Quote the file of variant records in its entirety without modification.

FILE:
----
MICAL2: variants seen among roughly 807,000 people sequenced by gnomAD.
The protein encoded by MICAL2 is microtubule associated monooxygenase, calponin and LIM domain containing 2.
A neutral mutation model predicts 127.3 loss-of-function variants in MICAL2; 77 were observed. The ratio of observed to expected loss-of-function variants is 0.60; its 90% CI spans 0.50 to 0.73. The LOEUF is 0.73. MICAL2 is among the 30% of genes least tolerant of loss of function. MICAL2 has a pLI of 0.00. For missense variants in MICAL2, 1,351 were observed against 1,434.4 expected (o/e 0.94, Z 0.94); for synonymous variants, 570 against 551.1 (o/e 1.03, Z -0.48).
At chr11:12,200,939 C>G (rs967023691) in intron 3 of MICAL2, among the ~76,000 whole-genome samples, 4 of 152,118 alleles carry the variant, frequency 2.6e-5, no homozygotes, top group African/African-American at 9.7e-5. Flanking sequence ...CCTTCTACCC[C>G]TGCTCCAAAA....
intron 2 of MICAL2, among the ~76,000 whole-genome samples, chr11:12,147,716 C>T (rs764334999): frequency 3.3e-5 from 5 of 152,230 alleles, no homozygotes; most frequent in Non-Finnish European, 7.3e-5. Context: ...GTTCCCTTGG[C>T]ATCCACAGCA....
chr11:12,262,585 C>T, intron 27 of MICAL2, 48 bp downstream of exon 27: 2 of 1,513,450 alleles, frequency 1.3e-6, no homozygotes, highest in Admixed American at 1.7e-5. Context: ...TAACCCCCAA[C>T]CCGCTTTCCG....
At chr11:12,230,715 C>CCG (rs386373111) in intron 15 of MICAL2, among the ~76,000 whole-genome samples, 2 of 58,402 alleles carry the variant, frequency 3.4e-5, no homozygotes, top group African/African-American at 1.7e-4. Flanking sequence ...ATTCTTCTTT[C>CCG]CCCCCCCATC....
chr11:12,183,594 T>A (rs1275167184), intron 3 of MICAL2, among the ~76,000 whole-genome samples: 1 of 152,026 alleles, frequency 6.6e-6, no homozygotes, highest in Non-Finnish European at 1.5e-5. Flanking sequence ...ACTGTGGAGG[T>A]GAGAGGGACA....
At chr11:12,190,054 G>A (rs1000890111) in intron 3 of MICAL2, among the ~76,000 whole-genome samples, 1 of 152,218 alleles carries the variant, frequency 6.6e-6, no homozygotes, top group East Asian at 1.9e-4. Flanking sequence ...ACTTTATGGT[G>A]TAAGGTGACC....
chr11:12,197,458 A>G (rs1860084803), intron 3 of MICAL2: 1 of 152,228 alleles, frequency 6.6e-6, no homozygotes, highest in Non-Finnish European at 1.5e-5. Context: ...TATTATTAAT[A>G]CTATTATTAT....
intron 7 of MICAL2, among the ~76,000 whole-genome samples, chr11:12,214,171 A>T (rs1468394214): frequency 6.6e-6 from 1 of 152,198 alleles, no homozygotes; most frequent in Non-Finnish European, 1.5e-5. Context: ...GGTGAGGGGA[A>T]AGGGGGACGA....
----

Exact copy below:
MICAL2: variants seen among roughly 807,000 people sequenced by gnomAD.
The protein encoded by MICAL2 is microtubule associated monooxygenase, calponin and LIM domain containing 2.
A neutral mutation model predicts 127.3 loss-of-function variants in MICAL2; 77 were observed. The ratio of observed to expected loss-of-function variants is 0.60; its 90% CI spans 0.50 to 0.73. The LOEUF is 0.73. MICAL2 is among the 30% of genes least tolerant of loss of function. MICAL2 has a pLI of 0.00. For missense variants in MICAL2, 1,351 were observed against 1,434.4 expected (o/e 0.94, Z 0.94); for synonymous variants, 570 against 551.1 (o/e 1.03, Z -0.48).
At chr11:12,200,939 C>G (rs967023691) in intron 3 of MICAL2, among the ~76,000 whole-genome samples, 4 of 152,118 alleles carry the variant, frequency 2.6e-5, no homozygotes, top group African/African-American at 9.7e-5. Flanking sequence ...CCTTCTACCC[C>G]TGCTCCAAAA....
intron 2 of MICAL2, among the ~76,000 whole-genome samples, chr11:12,147,716 C>T (rs764334999): frequency 3.3e-5 from 5 of 152,230 alleles, no homozygotes; most frequent in Non-Finnish European, 7.3e-5. Context: ...GTTCCCTTGG[C>T]ATCCACAGCA....
chr11:12,262,585 C>T, intron 27 of MICAL2, 48 bp downstream of exon 27: 2 of 1,513,450 alleles, frequency 1.3e-6, no homozygotes, highest in Admixed American at 1.7e-5. Context: ...TAACCCCCAA[C>T]CCGCTTTCCG....
At chr11:12,230,715 C>CCG (rs386373111) in intron 15 of MICAL2, among the ~76,000 whole-genome samples, 2 of 58,402 alleles carry the variant, frequency 3.4e-5, no homozygotes, top group African/African-American at 1.7e-4. Flanking sequence ...ATTCTTCTTT[C>CCG]CCCCCCCATC....
chr11:12,183,594 T>A (rs1275167184), intron 3 of MICAL2, among the ~76,000 whole-genome samples: 1 of 152,026 alleles, frequency 6.6e-6, no homozygotes, highest in Non-Finnish European at 1.5e-5. Flanking sequence ...ACTGTGGAGG[T>A]GAGAGGGACA....
At chr11:12,190,054 G>A (rs1000890111) in intron 3 of MICAL2, among the ~76,000 whole-genome samples, 1 of 152,218 alleles carries the variant, frequency 6.6e-6, no homozygotes, top group East Asian at 1.9e-4. Flanking sequence ...ACTTTATGGT[G>A]TAAGGTGACC....
chr11:12,197,458 A>G (rs1860084803), intron 3 of MICAL2: 1 of 152,228 alleles, frequency 6.6e-6, no homozygotes, highest in Non-Finnish European at 1.5e-5. Context: ...TATTATTAAT[A>G]CTATTATTAT....
intron 7 of MICAL2, among the ~76,000 whole-genome samples, chr11:12,214,171 A>T (rs1468394214): frequency 6.6e-6 from 1 of 152,198 alleles, no homozygotes; most frequent in Non-Finnish European, 1.5e-5. Context: ...GGTGAGGGGA[A>T]AGGGGGACGA....